explaining the statute was "designed to promote public safety and that the purpose in prohibiting a vendor from selling beer to one who is already intoxicated is to prevent the person from becoming even more intoxicated so that he is not a greater risk when he leaves the bar"Summary of this case from Jenkins v. CEC Entm't Inc.
Heard August 20, 1990.
Decided September 17, 1990.
Kerry W. Koon, Charleston, for appellant. Stephen E. Darling and John H. Tiller, Charleston, for respondents.
Heard Aug. 20, 1990.
Decided Sept. 17, 1990.
Appellant, Mary C. Daley, instituted an action against respondents, The Windjammer, Inc. and Malcolm M. Burgis, president of The Windjammer, alleging the serving of alcohol to an intoxicated person with whom she was involved in an automobile accident. Following a jury verdict in favor of the respondents, Daley appeals. We reverse and remand.
The record reveals the following facts. On June 22, 1986 at approximately 10:55 p.m., John William Ward, III was traveling behind Daley when he struck her car from the rear. Ward had left the Windjammer approximately fifteen to twenty minutes earlier after spending four or five hours there drinking nine, twelve ounce cans of beer. Testimony from both Daley and the investigating officer indicated they believed Ward was intoxicated immediately after the accident. Ward stated that, although he did not initially believe he was intoxicated while at the Windjammer, after viewing a videotape of his behavior following the accident, he was of the opinion that he was intoxicated. An expert witness who also viewed the videotape of Ward also stated he was of the opinion that Ward was intoxicated. Ward testified he did not recall drinking beer at any place other than the Windjammer that evening.
The two bartenders on duty on the day in question both indicated they did not remember Ward. They confirmed Burgis' testimony that it was their policy not to serve anyone who appeared intoxicated. They stated that, if a customer appeared in the same condition as Ward did on the videotape, they would have refused to serve him. Both further stated they did not knowingly serve anyone that was intoxicated on June 22, 1986.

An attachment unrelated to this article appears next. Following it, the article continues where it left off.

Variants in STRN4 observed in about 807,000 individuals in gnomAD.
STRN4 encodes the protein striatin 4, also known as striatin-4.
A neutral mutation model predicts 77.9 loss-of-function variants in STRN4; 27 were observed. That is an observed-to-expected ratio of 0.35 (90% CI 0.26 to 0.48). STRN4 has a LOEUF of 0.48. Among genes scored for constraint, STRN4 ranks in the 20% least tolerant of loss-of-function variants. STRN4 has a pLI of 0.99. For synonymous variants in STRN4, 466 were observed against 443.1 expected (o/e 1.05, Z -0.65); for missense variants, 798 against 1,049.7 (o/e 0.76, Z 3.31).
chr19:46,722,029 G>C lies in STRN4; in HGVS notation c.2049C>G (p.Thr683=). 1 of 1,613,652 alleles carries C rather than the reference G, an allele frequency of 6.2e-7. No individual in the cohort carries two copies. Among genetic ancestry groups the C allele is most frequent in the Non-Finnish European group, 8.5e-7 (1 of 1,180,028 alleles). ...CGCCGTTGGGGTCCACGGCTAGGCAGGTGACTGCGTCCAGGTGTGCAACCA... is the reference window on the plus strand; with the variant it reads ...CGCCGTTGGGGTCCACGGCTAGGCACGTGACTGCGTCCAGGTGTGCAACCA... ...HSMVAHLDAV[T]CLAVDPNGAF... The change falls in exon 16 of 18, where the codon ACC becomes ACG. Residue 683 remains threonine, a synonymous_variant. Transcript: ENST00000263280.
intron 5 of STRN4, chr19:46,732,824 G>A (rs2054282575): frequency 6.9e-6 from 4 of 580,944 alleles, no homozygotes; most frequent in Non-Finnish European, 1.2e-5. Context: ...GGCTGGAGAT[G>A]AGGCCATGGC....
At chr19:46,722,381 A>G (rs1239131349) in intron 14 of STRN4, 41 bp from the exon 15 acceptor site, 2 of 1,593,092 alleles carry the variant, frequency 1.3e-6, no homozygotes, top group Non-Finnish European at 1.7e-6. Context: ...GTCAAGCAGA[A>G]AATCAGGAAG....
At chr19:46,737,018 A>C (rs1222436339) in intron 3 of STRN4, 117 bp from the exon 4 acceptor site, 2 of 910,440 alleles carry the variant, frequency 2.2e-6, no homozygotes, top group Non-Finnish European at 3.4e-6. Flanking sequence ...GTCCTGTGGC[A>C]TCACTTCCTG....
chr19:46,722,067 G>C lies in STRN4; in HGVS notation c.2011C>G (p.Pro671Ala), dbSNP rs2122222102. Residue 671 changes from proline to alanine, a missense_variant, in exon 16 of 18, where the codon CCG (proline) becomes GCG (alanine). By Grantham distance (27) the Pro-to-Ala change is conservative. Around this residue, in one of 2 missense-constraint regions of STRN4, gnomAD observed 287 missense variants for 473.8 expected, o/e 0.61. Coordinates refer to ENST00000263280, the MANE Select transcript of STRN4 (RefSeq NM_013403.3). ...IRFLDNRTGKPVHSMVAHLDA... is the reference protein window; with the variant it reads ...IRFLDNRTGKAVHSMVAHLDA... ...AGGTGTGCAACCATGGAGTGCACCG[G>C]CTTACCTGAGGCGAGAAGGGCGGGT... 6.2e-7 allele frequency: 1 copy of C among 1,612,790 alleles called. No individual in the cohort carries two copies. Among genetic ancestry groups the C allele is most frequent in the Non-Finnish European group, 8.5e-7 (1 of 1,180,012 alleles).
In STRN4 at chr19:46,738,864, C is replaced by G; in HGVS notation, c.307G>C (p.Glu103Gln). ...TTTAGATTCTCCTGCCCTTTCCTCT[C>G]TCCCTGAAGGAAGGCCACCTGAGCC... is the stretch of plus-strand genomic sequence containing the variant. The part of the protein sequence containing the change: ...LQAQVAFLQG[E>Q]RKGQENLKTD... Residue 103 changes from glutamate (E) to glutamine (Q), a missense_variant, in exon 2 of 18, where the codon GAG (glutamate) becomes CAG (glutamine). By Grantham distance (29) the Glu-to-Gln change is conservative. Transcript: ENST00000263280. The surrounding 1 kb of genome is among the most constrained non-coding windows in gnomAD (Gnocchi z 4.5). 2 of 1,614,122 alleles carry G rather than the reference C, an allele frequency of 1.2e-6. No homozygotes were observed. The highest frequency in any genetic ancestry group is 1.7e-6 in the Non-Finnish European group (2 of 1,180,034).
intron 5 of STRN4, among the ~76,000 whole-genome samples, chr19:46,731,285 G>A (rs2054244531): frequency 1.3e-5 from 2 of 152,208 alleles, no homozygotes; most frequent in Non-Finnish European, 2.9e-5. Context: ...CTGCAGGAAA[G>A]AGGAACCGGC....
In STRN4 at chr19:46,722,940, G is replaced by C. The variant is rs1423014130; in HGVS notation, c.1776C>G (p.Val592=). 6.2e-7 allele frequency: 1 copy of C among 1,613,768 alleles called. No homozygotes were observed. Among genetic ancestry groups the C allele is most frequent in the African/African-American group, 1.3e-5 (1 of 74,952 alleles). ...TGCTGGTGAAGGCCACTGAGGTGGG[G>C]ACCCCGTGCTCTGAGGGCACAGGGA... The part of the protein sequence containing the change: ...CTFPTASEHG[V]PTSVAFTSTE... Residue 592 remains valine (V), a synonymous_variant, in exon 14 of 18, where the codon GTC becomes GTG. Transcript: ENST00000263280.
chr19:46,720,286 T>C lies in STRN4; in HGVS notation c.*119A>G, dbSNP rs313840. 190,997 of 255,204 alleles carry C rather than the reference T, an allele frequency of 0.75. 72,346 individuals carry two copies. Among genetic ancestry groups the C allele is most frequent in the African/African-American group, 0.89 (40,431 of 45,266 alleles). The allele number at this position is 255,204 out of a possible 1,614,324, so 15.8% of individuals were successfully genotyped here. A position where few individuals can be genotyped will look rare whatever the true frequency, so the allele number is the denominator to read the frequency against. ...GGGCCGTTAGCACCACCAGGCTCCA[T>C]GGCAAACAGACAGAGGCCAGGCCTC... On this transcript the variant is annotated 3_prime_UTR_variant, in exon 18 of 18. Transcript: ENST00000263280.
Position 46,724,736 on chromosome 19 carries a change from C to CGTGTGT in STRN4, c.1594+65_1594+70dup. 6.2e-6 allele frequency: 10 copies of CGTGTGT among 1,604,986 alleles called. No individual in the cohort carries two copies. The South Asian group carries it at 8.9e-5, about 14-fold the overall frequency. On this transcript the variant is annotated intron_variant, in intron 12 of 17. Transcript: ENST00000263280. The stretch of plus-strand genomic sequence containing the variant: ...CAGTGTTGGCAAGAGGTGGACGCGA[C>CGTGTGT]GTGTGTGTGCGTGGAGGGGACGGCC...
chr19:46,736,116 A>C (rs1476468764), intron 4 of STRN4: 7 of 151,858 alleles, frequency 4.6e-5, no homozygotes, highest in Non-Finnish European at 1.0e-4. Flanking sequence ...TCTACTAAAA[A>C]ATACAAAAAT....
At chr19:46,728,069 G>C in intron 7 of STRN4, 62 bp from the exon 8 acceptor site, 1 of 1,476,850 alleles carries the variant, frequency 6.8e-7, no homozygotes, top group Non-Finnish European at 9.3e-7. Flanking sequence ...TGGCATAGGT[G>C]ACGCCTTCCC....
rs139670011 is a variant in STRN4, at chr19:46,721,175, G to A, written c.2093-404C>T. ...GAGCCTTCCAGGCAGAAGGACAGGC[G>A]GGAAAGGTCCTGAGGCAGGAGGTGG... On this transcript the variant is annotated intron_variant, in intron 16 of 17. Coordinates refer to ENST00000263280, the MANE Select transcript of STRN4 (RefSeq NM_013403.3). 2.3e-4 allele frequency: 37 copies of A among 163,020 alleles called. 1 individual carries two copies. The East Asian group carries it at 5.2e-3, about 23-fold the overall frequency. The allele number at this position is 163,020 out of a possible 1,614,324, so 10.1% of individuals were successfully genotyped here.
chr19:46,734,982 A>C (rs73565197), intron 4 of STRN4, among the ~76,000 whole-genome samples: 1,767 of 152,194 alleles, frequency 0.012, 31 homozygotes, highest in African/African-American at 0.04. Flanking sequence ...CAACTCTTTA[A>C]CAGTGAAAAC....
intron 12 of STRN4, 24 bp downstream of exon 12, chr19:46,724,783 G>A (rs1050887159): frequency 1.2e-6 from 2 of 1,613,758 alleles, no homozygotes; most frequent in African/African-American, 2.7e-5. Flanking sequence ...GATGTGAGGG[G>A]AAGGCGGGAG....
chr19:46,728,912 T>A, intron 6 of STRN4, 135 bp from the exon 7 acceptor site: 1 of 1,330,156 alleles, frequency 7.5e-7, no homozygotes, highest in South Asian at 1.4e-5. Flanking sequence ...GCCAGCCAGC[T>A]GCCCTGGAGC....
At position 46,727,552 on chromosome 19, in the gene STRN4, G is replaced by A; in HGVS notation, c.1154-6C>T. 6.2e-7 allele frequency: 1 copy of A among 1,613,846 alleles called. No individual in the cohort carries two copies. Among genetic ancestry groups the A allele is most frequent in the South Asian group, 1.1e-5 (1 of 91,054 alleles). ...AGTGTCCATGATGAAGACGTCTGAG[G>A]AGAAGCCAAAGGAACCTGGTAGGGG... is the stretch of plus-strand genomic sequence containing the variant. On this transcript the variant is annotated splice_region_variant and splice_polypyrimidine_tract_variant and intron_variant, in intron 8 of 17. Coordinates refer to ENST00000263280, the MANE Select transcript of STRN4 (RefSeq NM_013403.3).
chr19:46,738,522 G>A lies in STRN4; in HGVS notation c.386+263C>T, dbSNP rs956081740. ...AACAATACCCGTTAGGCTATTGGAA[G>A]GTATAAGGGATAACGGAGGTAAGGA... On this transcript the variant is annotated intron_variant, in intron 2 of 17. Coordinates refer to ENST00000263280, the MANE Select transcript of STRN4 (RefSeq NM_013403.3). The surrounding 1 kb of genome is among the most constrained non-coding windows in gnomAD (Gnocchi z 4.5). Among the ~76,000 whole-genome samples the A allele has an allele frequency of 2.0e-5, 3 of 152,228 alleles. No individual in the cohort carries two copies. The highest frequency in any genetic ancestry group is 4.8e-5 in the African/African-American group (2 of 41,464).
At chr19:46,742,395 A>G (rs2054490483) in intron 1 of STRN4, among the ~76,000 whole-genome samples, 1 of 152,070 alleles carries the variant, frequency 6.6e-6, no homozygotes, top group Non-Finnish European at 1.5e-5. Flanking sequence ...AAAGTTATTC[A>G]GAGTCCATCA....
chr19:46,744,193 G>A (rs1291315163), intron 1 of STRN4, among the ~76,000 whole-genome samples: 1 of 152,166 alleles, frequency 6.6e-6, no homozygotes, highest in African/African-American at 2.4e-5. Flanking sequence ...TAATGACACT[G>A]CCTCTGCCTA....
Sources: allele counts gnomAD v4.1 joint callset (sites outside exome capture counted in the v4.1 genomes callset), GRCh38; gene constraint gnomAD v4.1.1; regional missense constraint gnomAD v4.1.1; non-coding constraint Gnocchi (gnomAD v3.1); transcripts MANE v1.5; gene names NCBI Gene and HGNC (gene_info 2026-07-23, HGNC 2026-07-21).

In reply to the testimony relating to the policy not to serve intoxicated persons, Daley attempted to relate a specific incident where she observed service of alcohol to an intoxicated person at the Windjammer. The trial judge refused to allow the testimony finding it was not in the nature of rebuttal. Daley was then allowed to proffer this evidence.
The first issue we address on appeal is raised by the respondents as an additional sustaining ground. That issue is whether § 61-9-410 of the South Carolina Code of Laws (1976) (Rev. 1990) supplies a private cause of action for civil liability to a third party who is injured as a result of a violation of that statute. That statute provides in pertinent part as follows:
No holder of a permit authorizing the sale of beer or wine or any servant, agent, or employee of the permittee shall knowingly do any of the following acts upon the licensed premises covered by the holder's permit:
(2) Sell beer or wine to any person while the person is in an intoxicated condition. . . .
The question of whether this code section provides a basis for civil liability when violated was addressed in Christiansen v. Campbell, 285 S.C. 164, 328 S.E.2d 351 (Ct.App. 1985) cert. denied, S.C. Sup. Ct. order dated June 27, 1985. This court concluded that a violation of § 61-9-410(2) gave rise to a civil cause of action in favor of an intoxicated patron who was injured as a result thereof. We noted this statute was clearly designed to promote public safety and that the purpose in prohibiting a vendor from selling beer to one who is already intoxicated is to prevent the person from becoming even more intoxicated so that he is not a greater risk when he leaves the bar. Id. at 354. We find no reason for which the class of persons protected by the statute should not include third parties injured by the actions of an intoxicated person served in violation of the statute. Indeed, our decision in Jamison v. The Pantry, Inc., 392 S.E.2d 474 (S.C.Ct.App. 1990) indicated § 61-9-410 gives rise to a civil cause of action by a third party injured by a violation of the statute. There we noted that the purpose of the statute is to protect not only the individual served in violation of the statute, but also the public at large, from the possible adverse consequences. We thus conclude the trial judge properly denied the respondents' motion for a directed verdict on this basis.
As a second additional sustaining ground, the respondents contend the evidence was insufficient to submit the case to the jury. We disagree. There was more than ample evidence that Ward was intoxicated at the time of the accident and the jury could have easily concluded he was just as intoxicated at the time he was served his last beer at the Windjammer. We find no error on the part of the trial judge in submitting the case to the jury based on the evidence before him.